Letter 9 from Belize: Serendipities
I mentioned in a previous letter a trip to Belize City. At the Bishop’s Secretariat, I met Bishop Dorick Wright, Bishop of Belize, who was coming out of his office, and he informed me that my surname is very common in Belize. It probably goes back to the days of the British Baymen and the logging industry, when many Scots came over and settled. I asked him if he was aware that his school managers were in a meeting in his office, and he looked at me in surprise and said mischievously “If you want to be kept in the dark about anything and everything, just become a
bishop!” Sadly, his diabetes has caused him to go to the US to seek treatment for his eyesight.
Holy Redeemer Cathedral
The whole of Belize is one Catholic diocese, and Holy Redeemer is its Cathedral in Belize City. This year they are celebrating the Cathedral’s
sesquicentennial (150th) anniversary, but the first wooden structure lasted only a few years before it was destroyed by fire. The present church was built using bricks that had been used as ballast by incoming empty ships from Britain, and much of the interior was constructed with locally grown mahogany. The hurricanes of 1931 and 1961 did considerable damage to the fabric, especially the Byzantine domes and Gothic steeples, so the present structure is not entirely original.
Happenings at funerals
I have witnessed an unfathomable number of funerals in the last two months. Births and deaths happen in copious numbers here. A 65 year old lady, who was recently buried, had outlived 6 of her 11 children. Garífuna funerals have a special quality about them. They are invariably packed, with people spilling out of the doors, and the singing and wailing both happen with great abandon. At a funeral in Hopkins, two young lads got up and sang plaintive, impassioned dirges over their mother’s coffin, which prefaced the spilling out of a deep sense of family loss.
At another funeral in Seine Bight, I was just standing innocently by outside the church when, suddenly, I found myself enlisted to help carry the coffin! I wasn’t prepared for the crippling weight we had to carry. Six men struggled to carry it the 50 metres to the waiting truck, and struggled even more to lower it into the grave. I never thought to ask them for their risk assessment! But I do like the words on many tombstones that describe the dates of “sunrise” and “sunset” of the deceased. I don’t know why, but the use of such euphemisms reminded me irreverently of the Monty Python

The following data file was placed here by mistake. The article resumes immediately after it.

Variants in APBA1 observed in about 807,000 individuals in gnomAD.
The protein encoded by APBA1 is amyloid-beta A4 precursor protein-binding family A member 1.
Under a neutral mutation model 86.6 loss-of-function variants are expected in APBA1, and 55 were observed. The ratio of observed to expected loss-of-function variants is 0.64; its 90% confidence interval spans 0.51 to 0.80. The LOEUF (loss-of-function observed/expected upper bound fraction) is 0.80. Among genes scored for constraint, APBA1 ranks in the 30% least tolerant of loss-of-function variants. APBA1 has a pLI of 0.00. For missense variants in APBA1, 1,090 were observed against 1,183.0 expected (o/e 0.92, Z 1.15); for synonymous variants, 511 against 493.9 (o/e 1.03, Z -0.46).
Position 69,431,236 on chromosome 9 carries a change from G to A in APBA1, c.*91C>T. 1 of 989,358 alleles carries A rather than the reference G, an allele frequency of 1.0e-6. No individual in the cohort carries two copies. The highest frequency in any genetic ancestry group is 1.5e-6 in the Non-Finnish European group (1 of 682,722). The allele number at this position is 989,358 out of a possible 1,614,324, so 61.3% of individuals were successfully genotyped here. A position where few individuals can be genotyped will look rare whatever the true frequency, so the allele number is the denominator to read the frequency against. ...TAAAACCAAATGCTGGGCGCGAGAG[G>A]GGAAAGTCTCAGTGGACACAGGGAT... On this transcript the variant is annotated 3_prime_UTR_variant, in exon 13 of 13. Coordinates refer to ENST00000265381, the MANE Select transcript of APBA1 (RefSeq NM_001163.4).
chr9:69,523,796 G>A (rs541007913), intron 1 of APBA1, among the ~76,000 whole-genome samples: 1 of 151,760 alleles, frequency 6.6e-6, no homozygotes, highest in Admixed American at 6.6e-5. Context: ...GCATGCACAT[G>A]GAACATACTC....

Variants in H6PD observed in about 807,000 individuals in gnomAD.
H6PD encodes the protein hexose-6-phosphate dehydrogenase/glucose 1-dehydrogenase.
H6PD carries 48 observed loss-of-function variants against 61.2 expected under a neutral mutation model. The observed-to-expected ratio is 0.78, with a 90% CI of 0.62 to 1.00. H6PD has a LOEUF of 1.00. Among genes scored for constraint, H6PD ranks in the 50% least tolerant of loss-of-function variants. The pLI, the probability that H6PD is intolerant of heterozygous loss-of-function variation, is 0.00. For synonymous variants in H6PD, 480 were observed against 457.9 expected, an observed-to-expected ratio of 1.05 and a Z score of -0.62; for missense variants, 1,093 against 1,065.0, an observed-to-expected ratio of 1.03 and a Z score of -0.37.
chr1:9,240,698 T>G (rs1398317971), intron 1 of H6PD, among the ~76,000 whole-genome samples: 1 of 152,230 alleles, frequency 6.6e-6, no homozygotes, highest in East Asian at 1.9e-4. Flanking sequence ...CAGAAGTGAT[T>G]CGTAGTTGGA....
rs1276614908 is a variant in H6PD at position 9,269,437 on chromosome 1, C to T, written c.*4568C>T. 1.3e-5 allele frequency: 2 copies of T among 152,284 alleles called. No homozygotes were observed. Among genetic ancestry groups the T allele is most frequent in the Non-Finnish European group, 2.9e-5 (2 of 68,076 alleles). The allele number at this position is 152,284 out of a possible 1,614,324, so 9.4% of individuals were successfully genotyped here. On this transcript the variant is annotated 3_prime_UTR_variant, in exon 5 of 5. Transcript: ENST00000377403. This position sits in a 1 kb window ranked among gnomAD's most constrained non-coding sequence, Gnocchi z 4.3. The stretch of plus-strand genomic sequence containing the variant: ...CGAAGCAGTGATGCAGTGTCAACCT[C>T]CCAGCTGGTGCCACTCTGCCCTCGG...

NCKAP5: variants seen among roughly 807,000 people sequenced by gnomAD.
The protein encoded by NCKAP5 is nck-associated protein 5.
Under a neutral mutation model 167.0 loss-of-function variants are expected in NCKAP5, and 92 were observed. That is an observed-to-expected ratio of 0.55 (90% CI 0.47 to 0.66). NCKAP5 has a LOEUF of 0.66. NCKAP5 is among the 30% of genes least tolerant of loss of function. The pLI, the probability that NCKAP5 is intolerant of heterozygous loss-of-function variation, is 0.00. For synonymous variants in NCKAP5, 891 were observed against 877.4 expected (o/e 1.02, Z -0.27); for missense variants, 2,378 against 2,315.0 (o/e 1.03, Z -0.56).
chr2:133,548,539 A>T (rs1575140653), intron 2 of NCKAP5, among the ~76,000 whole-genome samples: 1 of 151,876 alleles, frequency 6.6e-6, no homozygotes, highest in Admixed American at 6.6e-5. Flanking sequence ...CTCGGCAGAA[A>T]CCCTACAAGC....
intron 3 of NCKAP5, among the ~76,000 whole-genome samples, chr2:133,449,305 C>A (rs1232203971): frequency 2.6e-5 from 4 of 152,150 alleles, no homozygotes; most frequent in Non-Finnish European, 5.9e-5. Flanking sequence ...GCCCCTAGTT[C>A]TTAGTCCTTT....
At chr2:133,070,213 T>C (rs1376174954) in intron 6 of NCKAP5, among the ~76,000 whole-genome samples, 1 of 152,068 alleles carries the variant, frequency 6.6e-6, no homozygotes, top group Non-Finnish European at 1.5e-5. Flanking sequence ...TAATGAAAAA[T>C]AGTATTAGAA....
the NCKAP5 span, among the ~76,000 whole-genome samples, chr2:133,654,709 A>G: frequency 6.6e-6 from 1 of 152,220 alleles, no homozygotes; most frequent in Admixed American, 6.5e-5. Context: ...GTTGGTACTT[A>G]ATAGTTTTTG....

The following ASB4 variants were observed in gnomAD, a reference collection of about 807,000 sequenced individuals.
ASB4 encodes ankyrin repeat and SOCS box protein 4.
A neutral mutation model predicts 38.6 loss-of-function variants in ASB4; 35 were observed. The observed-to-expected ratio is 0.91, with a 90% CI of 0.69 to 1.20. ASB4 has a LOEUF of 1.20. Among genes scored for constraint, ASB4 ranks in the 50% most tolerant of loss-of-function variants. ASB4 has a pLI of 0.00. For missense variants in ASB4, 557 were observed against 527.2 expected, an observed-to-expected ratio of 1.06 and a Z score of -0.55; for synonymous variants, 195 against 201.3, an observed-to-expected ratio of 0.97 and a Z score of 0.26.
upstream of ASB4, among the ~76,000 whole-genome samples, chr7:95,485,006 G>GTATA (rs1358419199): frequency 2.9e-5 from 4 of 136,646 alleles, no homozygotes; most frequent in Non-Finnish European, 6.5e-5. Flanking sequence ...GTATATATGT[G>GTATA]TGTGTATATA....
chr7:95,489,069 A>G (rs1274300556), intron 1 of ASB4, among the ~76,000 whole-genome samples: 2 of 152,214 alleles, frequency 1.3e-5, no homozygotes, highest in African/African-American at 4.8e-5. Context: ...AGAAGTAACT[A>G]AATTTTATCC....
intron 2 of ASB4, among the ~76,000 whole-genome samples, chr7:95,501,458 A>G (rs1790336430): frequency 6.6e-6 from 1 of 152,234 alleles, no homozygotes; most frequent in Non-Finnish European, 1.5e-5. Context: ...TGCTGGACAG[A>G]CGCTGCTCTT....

Dead Parrot sketch, which seemed to exhaust all known English euphemisms about death.
Encounters of an interesting kind
With my work here, I have been privileged to meet people from all walks of life, and during some of my meanderings about town, it has been easy to fall into conversation with local people. I met Harry after a cycle ride while relaxing on the beach. He lives out on the Cayes, and was spending time in Dangriga doing some fibre glass work for a boat owner. Infants are the most photogenic of creatures, and many golden moments present themselves. Some are swaddled on the backs of their Mayan mothers, while others peer at you playfully over mother’s shoulder.
Outside a PTA meeting at Bella Vista, I met this lad with his pet raccoon ‘Luche’, and my perception of the domestication of animals was expanded yet again. I’ve already mentioned chickens and dogs wandering in and out of services. Well this dog simply settled under a pew and went to sleep! Our own three dogs once wandered across the road into the church while Fr Dominic was saying mass, and immediately picked a fight with another canine attendee. The resulting squabble apparently brought proceedings to a sudden halt!
Perhaps the least understood, although most conspicuous, community in Belize, the Mennonites hold fast to their culture and strict religious beliefs while continuing to dominate the commerce, carpentry, engineering, and agricultural industries of Belize. The Mennonites emerged during the Reformation of the 16th century in Northern Europe. Persecuted throughout the ages for their beliefs, particularly for their refusal to pay land taxes or support the military, this Anabaptist group migrated from Holland to Germany, through Prussia to Canada, to Mexico and then Belize, continuously fleeing from the attempts of each government to regulate their communities and to draft their men into the army. Their unique language, an archaic amalgamation of Dutch and German, has persisted the 400 years since this move and is still spoken in the Mennonite communities of Belize. The old order Mennonites will only use pre-20th century technology, so cars, telephones, television and modern media do not play a part in their lives. The modern Mennonites, however, avail themselves of the latest technology, and with their Germanic work ethic, are respected leaders in the Belizean world of commerce.
Chicle If you were ever a gum-chewing teenager, I wonder if you had ever pondered the origins of chewing gum. The sapodilla tree is endemic in Belize, and one of its by-products is latex gum, imported extensively by Wrigleys at the height of its chewing-gum production. Highly skilled ‘chicleros’ would climb the tall trees with a machete, and score the bark to extract the gum, that would be collected in bowls or pouches at the base of the trunk. It was a highly profitable but dangerous occupation, frequently beset by theft and murder.
“Mach de wint senne emma enn jϋn Rigje” (‘May the wind be ever at your back’ in garbled Mennonite German!)